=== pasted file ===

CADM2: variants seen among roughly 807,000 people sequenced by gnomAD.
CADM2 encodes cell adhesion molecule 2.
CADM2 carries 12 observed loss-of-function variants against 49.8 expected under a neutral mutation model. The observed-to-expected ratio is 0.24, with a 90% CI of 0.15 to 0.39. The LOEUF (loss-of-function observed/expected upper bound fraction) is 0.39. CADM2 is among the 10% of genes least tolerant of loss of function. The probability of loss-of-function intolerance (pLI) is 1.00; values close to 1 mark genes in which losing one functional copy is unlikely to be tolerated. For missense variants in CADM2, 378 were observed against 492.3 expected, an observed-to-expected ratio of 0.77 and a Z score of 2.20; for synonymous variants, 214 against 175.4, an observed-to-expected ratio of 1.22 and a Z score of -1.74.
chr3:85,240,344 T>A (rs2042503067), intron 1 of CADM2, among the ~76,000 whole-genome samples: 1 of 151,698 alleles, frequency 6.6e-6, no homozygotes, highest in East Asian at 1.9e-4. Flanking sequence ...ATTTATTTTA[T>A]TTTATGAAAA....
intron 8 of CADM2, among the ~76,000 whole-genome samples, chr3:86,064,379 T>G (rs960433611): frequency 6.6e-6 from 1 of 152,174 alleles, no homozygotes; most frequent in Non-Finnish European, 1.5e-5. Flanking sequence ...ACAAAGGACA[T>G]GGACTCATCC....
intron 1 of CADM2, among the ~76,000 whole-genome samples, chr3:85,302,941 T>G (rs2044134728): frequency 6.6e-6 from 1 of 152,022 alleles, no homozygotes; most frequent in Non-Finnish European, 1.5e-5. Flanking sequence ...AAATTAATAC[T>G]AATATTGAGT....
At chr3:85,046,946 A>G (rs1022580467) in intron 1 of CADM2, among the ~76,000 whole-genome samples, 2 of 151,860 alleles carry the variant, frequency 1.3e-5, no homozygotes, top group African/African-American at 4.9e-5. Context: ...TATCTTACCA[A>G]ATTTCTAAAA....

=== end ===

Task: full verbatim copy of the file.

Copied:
CADM2: variants seen among roughly 807,000 people sequenced by gnomAD.
CADM2 encodes cell adhesion molecule 2.
CADM2 carries 12 observed loss-of-function variants against 49.8 expected under a neutral mutation model. The observed-to-expected ratio is 0.24, with a 90% CI of 0.15 to 0.39. The LOEUF (loss-of-function observed/expected upper bound fraction) is 0.39. CADM2 is among the 10% of genes least tolerant of loss of function. The probability of loss-of-function intolerance (pLI) is 1.00; values close to 1 mark genes in which losing one functional copy is unlikely to be tolerated. For missense variants in CADM2, 378 were observed against 492.3 expected, an observed-to-expected ratio of 0.77 and a Z score of 2.20; for synonymous variants, 214 against 175.4, an observed-to-expected ratio of 1.22 and a Z score of -1.74.
chr3:85,240,344 T>A (rs2042503067), intron 1 of CADM2, among the ~76,000 whole-genome samples: 1 of 151,698 alleles, frequency 6.6e-6, no homozygotes, highest in East Asian at 1.9e-4. Flanking sequence ...ATTTATTTTA[T>A]TTTATGAAAA....
intron 8 of CADM2, among the ~76,000 whole-genome samples, chr3:86,064,379 T>G (rs960433611): frequency 6.6e-6 from 1 of 152,174 alleles, no homozygotes; most frequent in Non-Finnish European, 1.5e-5. Flanking sequence ...ACAAAGGACA[T>G]GGACTCATCC....
intron 1 of CADM2, among the ~76,000 whole-genome samples, chr3:85,302,941 T>G (rs2044134728): frequency 6.6e-6 from 1 of 152,022 alleles, no homozygotes; most frequent in Non-Finnish European, 1.5e-5. Flanking sequence ...AAATTAATAC[T>G]AATATTGAGT....
At chr3:85,046,946 A>G (rs1022580467) in intron 1 of CADM2, among the ~76,000 whole-genome samples, 2 of 151,860 alleles carry the variant, frequency 1.3e-5, no homozygotes, top group African/African-American at 4.9e-5. Context: ...TATCTTACCA[A>G]ATTTCTAAAA....